Date added: 04/06/2016 How Augmented and Virtual Reality Can Change the Retail World
# How Augmented and Virtual Reality Can Change the Retail World
One of the first retailers to use virtual reality for marketing and research was Happy Family, a manufacturer of organic children's food. Company leaders knew they wanted to redesign aisles, but they wanted customer input before doing so.
To gather large amounts of data, they turned to virtual reality. This let them get data from an impressive 800 shoppers, something that wouldn't have been possible without the technology. In the future, the ways to use this technology will grow even more.
## Using Virtual Reality to Plan the Store
Virtual reality also gives businesses the chance to see how customers feel about their retail displays, signage, or overall merchandising set-up without having to create the items in the physical world. By creating a virtual reality of the entire store, companies can be confident in what it will look like before creating a brick-and-mortar location that will give information to the competition.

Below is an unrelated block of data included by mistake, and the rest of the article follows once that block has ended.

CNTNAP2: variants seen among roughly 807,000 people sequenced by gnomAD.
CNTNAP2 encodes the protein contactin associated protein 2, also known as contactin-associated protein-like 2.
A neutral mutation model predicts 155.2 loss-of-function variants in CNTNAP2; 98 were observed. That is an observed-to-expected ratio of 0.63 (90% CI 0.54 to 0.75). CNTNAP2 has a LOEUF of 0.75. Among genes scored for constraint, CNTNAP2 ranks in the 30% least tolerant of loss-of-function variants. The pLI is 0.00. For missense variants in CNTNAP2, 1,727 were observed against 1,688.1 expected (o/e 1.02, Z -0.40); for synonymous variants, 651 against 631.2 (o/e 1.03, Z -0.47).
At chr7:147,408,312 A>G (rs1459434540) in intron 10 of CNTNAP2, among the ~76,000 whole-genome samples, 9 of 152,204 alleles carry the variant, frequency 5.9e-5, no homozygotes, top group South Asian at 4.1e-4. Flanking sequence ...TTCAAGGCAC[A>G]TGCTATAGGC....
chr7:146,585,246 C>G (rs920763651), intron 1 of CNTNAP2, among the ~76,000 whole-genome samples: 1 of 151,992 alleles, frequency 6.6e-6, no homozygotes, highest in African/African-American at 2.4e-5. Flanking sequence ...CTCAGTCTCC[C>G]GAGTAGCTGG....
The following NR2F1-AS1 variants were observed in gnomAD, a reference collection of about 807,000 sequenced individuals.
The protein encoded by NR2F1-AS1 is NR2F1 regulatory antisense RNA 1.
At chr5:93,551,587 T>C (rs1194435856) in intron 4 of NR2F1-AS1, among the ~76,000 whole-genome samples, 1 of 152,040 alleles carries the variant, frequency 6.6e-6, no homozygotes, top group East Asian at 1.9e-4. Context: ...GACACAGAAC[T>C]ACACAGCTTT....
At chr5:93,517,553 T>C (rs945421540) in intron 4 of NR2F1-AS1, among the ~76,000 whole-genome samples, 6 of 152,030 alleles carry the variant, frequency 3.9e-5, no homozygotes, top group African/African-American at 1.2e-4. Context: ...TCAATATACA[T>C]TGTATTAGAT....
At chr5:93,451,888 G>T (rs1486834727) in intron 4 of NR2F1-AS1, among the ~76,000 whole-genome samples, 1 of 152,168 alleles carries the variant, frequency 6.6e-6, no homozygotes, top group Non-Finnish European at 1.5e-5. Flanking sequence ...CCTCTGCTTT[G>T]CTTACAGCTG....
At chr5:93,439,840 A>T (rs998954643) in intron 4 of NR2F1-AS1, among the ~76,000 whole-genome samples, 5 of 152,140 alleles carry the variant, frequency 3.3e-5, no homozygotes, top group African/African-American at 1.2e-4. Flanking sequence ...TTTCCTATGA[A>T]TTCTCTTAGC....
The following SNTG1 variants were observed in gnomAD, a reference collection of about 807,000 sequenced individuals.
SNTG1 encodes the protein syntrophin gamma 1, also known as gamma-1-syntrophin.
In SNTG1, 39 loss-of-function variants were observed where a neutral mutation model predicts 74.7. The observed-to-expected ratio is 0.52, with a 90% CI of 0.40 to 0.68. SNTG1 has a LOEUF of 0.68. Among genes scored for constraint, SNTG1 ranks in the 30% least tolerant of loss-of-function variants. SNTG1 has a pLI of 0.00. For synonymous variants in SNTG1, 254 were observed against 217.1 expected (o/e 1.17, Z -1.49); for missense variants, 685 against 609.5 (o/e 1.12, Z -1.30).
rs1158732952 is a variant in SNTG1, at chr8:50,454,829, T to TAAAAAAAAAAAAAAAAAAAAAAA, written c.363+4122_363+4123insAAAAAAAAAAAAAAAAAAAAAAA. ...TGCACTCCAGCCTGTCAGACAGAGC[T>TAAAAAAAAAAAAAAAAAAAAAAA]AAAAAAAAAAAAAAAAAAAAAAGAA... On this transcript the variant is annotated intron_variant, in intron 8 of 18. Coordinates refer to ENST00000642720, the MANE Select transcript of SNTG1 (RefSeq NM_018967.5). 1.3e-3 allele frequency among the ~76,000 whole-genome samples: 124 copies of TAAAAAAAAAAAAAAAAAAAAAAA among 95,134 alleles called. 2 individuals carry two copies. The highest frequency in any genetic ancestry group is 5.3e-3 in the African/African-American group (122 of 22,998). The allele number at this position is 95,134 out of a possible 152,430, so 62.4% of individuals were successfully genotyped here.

Building a virtual store is also much quicker than physically manufacturing displays to be tested, reducing the amount of time it takes to plan a store.
## Getting to Know Augmented Reality
Virtual reality is already a common theme in technology and has been for a while, but augmented reality is still growing. This is a way of adding a bit of virtual reality to your current reality, creating an enhanced experience. This method lets customers see products before they make a purchase.
## Bring It to the Customer
At the moment, virtual reality is mostly being used for retailers. Manufacturers create virtual versions of their products to let retailers see if they want to sell them. Retailers use them to plan their store in minute detail and make sure clients like the layout. In the future, more businesses will offer a similar experience for clients.
Lowe's and Marxent Labs are taking one of the first steps toward this. They created a system that lets customers design their baths and kitchens virtually. By seeing what their space will look like, they can make better-informed choices and be confident in their purchases and plans.
There is still work to be done, however. According to Marxent, testing for virtual reality in catalogs left much to be desired.
Retailers and technology companies are both working to figure out how virtual and augmented reality will be contributing to shopping in the future.